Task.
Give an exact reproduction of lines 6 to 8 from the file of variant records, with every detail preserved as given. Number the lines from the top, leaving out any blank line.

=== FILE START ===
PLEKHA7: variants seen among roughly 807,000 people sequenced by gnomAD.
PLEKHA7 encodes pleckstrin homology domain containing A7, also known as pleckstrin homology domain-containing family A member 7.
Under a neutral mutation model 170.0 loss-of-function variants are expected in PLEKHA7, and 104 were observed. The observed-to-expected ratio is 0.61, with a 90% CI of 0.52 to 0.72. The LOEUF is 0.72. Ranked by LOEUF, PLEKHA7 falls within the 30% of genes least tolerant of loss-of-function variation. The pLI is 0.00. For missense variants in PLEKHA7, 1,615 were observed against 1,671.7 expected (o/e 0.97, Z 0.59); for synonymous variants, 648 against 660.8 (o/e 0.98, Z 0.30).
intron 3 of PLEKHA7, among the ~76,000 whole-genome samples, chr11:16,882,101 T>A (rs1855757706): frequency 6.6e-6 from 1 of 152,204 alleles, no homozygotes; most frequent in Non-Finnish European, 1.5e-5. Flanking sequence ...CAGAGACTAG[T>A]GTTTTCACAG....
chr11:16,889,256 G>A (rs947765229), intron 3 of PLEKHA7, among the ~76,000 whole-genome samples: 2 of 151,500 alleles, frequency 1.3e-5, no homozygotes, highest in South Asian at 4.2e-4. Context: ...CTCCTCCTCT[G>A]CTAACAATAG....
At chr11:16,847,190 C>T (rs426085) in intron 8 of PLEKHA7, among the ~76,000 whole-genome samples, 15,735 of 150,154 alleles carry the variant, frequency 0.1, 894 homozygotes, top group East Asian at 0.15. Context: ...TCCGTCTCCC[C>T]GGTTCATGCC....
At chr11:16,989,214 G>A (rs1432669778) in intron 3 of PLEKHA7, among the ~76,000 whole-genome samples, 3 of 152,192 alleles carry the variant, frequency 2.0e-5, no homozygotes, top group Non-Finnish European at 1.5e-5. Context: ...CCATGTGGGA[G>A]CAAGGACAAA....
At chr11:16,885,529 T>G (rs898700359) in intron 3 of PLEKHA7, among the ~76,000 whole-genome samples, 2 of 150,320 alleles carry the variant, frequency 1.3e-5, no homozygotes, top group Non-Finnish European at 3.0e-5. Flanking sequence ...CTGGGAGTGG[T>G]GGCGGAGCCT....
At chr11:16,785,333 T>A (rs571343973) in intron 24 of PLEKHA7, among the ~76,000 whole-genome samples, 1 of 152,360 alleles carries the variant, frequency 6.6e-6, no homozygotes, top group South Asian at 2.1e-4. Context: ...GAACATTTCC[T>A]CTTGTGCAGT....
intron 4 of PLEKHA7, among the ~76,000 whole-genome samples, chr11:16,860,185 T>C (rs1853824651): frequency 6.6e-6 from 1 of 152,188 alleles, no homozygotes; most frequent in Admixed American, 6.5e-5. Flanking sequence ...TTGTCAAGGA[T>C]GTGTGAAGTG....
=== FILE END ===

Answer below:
At chr11:16,847,190 C>T (rs426085) in intron 8 of PLEKHA7, among the ~76,000 whole-genome samples, 15,735 of 150,154 alleles carry the variant, frequency 0.1, 894 homozygotes, top group East Asian at 0.15. Context: ...TCCGTCTCCC[C>T]GGTTCATGCC....
At chr11:16,989,214 G>A (rs1432669778) in intron 3 of PLEKHA7, among the ~76,000 whole-genome samples, 3 of 152,192 alleles carry the variant, frequency 2.0e-5, no homozygotes, top group Non-Finnish European at 1.5e-5. Context: ...CCATGTGGGA[G>A]CAAGGACAAA....
At chr11:16,885,529 T>G (rs898700359) in intron 3 of PLEKHA7, among the ~76,000 whole-genome samples, 2 of 150,320 alleles carry the variant, frequency 1.3e-5, no homozygotes, top group Non-Finnish European at 3.0e-5. Flanking sequence ...CTGGGAGTGG[T>G]GGCGGAGCCT....